Published On: Tue, Sep 15th, 2020

Hearing set Oct. 23 on termination of suspended Delray city manager

By Dale King

Suspended Delray Beach City Manager George Gretsas will get the opportunity at a public hearing on Oct. 23 to defend himself against accusations that he allegedly violated state law and city statutes during his short term as Delray’s top appointed official.

The latest set of charges against Gretsas differ from those that resulted in his suspension at a special Delray Beach City Commission meeting June 24 when it was alleged that he bullied and harassed several city employees, including Assistant City Manager Suzanne Fisher, resulting in her going on medical leave May 15. She has since resigned effective Sept. 7.

Commissioners voted 5-0 on Aug. 24 that Gretsas allegedly engaged in “instances of misconduct” that warranted his firing.  But in the process, the five city leaders decided not to include charges of “bullying and retaliation” that were brought against Gretsas at the June 24 meeting.  

Gretsas was hired as Delray city manager in January 2020 to replace Mark Lauzier, who was fired on March 19, 2019. An interim city manager was appointed to fill in during the period city officials were searching for a replacement.

The latest city manager’s troubles appeared to catch fire in May when he allegedly “bullied” several employees, including Assistant City Manager Fisher, on May 15. The allegedly bullying took place in the office and on the phone. 

At a special commission meeting June 24, Mayor Shelly Petrolia and Commissioners Juli Casale and Shirley Johnson voted to present Gretsas with a notice of “intent to remove” while Commissioners Ryan Boylston and Adam Frankel cast negative votes.

Gretsas claimed in his letter that the effort to fire him is “retaliation” for his reporting of health problems involving the city’s water system, troubles he described as “the most scandalous….since Flint, Mich.”  He also said he was under fire for allegedly making public the fact that Fisher is said to have arranged for her boyfriend to work in the concession stand at the municipal golf course.

During the Aug. 24 meeting, carried virtually on the city’s internet broadcast system, City Attorney Lynn Gelin outlined a series of new complaints against the soon-to-be-ex city manager. They included:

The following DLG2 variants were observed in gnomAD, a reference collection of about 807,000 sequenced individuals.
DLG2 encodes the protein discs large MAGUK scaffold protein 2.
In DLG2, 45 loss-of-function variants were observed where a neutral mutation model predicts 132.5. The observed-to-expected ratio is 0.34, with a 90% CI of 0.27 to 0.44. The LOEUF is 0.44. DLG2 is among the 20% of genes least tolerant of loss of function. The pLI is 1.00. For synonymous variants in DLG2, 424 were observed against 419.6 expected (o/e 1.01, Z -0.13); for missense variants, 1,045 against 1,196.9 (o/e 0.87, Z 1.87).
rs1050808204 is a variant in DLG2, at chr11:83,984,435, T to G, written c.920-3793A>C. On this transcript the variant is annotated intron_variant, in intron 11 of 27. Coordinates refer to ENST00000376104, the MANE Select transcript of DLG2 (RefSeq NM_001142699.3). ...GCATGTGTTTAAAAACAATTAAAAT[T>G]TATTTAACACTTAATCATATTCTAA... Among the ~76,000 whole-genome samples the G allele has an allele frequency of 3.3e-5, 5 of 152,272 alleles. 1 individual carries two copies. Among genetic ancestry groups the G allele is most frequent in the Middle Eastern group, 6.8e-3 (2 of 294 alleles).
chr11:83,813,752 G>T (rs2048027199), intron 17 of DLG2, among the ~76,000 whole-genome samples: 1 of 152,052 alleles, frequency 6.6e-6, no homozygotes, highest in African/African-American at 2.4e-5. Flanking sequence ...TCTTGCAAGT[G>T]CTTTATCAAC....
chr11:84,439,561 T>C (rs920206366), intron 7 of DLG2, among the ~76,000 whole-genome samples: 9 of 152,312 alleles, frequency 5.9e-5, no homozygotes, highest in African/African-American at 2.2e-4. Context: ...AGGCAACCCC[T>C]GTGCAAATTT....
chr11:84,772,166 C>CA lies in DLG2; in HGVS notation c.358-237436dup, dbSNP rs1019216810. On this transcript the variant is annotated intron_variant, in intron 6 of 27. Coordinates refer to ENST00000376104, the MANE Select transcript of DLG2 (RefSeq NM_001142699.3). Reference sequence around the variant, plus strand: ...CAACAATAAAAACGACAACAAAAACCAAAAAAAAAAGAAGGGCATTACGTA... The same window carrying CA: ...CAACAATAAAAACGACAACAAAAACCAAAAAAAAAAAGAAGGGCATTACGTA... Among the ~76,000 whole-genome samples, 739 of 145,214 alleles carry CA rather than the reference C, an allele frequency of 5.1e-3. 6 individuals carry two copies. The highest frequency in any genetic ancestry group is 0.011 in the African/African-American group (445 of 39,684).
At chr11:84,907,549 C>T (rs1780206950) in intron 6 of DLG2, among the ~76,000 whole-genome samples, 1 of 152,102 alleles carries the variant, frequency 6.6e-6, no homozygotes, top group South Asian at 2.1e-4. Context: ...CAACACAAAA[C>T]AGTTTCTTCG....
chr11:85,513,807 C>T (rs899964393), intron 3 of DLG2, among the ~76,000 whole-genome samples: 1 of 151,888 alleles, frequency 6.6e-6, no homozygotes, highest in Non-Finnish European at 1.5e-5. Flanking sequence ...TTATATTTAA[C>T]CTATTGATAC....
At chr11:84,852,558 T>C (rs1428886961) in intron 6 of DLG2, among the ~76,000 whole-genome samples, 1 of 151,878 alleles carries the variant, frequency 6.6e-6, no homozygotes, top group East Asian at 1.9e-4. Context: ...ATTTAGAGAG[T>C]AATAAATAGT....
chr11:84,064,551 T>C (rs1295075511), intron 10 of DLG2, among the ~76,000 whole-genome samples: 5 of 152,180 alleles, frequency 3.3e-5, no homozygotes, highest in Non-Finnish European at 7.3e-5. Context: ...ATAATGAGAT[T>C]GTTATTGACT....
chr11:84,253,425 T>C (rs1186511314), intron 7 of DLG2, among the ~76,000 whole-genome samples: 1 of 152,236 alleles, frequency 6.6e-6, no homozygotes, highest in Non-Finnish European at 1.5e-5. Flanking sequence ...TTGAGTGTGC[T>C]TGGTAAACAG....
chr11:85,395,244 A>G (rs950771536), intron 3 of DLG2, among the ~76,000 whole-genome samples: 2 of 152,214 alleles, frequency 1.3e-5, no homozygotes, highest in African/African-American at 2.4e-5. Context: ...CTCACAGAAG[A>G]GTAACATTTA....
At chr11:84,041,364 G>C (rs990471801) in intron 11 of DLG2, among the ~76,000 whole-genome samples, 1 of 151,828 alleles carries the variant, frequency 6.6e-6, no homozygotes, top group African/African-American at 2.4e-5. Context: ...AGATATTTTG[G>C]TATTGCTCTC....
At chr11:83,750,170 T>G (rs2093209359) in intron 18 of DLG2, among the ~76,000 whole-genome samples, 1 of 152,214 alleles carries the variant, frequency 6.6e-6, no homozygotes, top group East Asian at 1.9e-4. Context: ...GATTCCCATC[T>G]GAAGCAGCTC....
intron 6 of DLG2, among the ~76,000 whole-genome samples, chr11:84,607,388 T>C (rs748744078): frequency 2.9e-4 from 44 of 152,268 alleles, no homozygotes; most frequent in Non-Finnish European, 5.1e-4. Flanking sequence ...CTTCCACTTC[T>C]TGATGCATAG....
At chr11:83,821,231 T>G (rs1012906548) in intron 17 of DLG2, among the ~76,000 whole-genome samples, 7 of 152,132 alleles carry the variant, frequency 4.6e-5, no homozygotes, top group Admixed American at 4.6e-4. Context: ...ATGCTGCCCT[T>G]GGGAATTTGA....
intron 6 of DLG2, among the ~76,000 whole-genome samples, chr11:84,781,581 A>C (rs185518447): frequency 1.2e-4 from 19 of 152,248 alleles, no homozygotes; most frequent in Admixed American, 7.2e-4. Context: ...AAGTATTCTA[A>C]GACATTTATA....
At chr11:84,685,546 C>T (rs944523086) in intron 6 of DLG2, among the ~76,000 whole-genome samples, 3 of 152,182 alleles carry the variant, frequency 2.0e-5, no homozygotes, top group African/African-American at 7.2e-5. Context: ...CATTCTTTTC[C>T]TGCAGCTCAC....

• An accusation that Gretsas installed a private server in his office that was not connected to the city’s IT system and used a software program that neither stores documents nor can be accessed by anyone other than Gretsas, which allegedly violates the state’s open meeting law.
  • A claim that Gretsas hired two people to work in a specially built TV studio to report updates in the coronavirus situation locally. Gelin said the city manager “failed to follow procedure” in hiring the employees, who apparently had worked with him before and were paid above regular wage rate.
  • Gave some testimony during a city investigation that was “not true.”
  • Refused to meet with the city’s internal auditor, Julia Davidyan. 

The meeting took on the appearance of a trial when Gretsas’ attorney, Carmen Rodriguez, was allowed to speak via telephone. The lawyer claimed her client was not told “the nature of the investigation” and was “denied due process.” Rodriguez said she sent “multiple emails” to Gelin about the situation, but received a response saying only, “Your objection is noted.”

Gretsas’ lawyer also blasted the new charges, saying they were “pre-written” and “spoon-fed to you (commissioners). You all have your own private networks – your cell phones. You are turning the job of city manager on its head.”

She argued that a city manager has the right to change policy, but several commissioners, including the mayor, noted it cannot be done without their input, and can’t result in a regulation that violates state laws.

Rodriguez called the latest accusations against Gretsas “a fishing expedition,” adding: “This is not what you fire a city manager for. You are making statements here without any evidence. 

Two commissioners underscored the enormity of the accusations. “What we have uncovered here is mind-blowing,” said Mayor Petrolia. “I had no idea that he installed a private server that our IT department could not access.” 

Casale called the discovery of the private server “appalling.” 

The text of Gretsas’ contract with the city requires a meeting and a hearing to terminate his employment, one to write a list of accusations and another to address the allegations against him. The latter session has been set for Oct. 23.

Gelin said the session, to be conducted “like a trial,” will likely take a half-day to complete.

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